Lionel Hollins to the Brooklyn Nets
Hollins had taken the Memphis Grizzlies to their first-ever Western Conference Finals. He took a journey with talented veteran players and an organization that knew exactly what it was doing… even though that same organization did not renew Hollins’s contract after that West Finals appearance.
If Hollins wanted another NBA job, shouldn’t he have wanted an organization which was likely to: A) contend, and B) exhibit patience with him? Of all the organizations in the league with a coaching vacancy at the time, the Brooklyn Nets were the last one which figured to check either of those two boxes.
The Nets had exposed themselves under owner Mikhail Prokhorov as a foolishly greedy win-now team. Prokhorov and general manager Billy King chased older veterans at the ends of their careers, with resource-draining expenditures that gave the organization very little room in which to maneuver. To be a little more precise about the matter, the acquisition of so many veterans near the end of the line made it important for the coach to win instantly… without having a really good chance to contend. It was a disaster.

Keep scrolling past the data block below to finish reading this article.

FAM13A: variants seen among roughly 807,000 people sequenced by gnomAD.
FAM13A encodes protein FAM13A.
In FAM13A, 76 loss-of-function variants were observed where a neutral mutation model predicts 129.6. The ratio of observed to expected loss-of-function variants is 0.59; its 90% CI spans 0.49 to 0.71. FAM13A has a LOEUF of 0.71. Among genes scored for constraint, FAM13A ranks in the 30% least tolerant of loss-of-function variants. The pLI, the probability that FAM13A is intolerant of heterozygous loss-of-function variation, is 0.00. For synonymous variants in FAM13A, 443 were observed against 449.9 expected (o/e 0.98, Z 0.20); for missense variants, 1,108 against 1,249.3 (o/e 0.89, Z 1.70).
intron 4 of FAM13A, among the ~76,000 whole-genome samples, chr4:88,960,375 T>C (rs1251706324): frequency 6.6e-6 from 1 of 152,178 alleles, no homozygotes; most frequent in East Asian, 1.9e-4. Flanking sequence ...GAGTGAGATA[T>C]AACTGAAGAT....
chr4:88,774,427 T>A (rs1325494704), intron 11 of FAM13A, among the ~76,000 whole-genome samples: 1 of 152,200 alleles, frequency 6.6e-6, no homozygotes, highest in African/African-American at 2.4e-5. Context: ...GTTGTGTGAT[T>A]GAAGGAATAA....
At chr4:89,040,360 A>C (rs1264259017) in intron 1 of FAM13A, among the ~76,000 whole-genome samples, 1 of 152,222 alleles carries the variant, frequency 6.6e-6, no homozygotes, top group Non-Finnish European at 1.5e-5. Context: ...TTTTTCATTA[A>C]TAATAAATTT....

Hollins wanted it anyway. Earlier this year, he was fired.
Can’t say we didn’t warn ya, Lionel.
Buzz Williams to Virginia Tech (from Marquette)
This is the move on the list which is already in the process of working out, a reminder that curious moves aren’t always unsuccessful ones.
(Honorable mention, just to duck it into this piece: Scott Nagy coached South Dakota State for 21 seasons, and at age 49, he felt it was time for a change. Power 5 school or maybe an Atlantic 10 school, right? Nope. Wright State. That’s one of the most head-scratching moves one can possibly imagine.)